I suspect DPF meant something more along the line of only 10% of wage earners are in the grouping used to calculate this living wage rather than implying only 10% who are earn the living wage.

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  5. Steve Wrathall (238 comments) says:

    I didn’t go overseas until I was 28. Guess I hadn’t been participating in society until that point.

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  6. Fentex (859 comments) says:

    In this post DPF uses an example from the U.S to support a position he argues which I find an interesting option when discussing NZ policies.

    In NZ we are discussing issues like Charter Schools and Public Private Partnerships, if we were to assume our results of attempting such policies were to equate with other countries then we’d pretty much have to abandon them outright because by NZ standards these policies are failures in both places.

    They don’t have to be in NZ, we are a different country, we can implement policies differently – for instance our lack of corruption and more open government makes Public Private Partnerships more likely to succeed than they did in Britain (though personally I disapprove of most such ideas as simple public guarantees of private profit and find simple privatization a more honest option).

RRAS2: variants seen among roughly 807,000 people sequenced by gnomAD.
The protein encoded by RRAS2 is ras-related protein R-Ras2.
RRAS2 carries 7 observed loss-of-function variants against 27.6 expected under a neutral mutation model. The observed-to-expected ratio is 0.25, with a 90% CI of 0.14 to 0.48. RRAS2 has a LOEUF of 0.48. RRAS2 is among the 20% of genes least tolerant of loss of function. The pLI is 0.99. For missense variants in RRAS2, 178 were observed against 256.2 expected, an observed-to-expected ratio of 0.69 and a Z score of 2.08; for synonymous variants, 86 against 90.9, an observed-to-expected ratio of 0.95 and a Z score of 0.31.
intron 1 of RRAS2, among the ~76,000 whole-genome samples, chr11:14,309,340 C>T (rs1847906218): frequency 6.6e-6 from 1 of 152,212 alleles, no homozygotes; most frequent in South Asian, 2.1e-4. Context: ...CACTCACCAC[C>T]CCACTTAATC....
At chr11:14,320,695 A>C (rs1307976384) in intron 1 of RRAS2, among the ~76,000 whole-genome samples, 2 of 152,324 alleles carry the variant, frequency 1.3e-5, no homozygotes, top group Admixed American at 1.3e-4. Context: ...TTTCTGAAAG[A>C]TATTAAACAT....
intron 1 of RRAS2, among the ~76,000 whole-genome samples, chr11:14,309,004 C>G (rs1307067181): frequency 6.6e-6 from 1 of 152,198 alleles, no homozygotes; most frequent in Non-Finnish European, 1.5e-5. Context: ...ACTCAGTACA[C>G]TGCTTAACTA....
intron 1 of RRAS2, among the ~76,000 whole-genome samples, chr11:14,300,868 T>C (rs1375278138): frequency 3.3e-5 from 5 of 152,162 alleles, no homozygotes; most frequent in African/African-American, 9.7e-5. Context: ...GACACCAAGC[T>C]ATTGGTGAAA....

Our society and needs plus hopefully better over-sight gives the idea of charter schools more credibility, a tightly focused effort in low achieving locations could succeed.

    My point in writing this is while inevitably we must look elsewhere to see what has happened there but not here for illumination it’s a double edged sword to make arguments for NZ on the basis of events in other nations, cultures and jurisdictions. Picking something you like when it supports from one place encourages opponents to pick what they please from a whole world of opportunities to find counter examples.

    We are NZ, we must keep our own nature in mind when making policy.

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  7. dime (9,392 comments) says:

    no tablets for the poor? smart phones?

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  8. Weihana (4,496 comments) says:

    dime (8,116 comments) says:
    January 21st, 2014 at 12:45 pm

    no tablets for the poor? smart phones?

    Tablets and smart phones are types of computers and a computer was mentioned. I would say internet connectivity is more important than a television. I find it hard to denounce the poor as undeserving because they make poor life choices if we deny the opportunity to utilize those technologies that tend to make our own life choices better than theirs.

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  9. dime (9,392 comments) says:

    “Tablets and smart phones are types of computers and a computer was mentioned. ” are they? well shit!

    youd have to be an idiot to buy a kid aged 5+ a tablet over a PC. but they probably do..

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  10. Weihana (4,496 comments) says:

    Actually many low income households have Sky TV.

    How many? How low is their income?

    Really, no matter what your income you shouldn’t get Sky TV. :)

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  11. Cato (1,094 comments) says: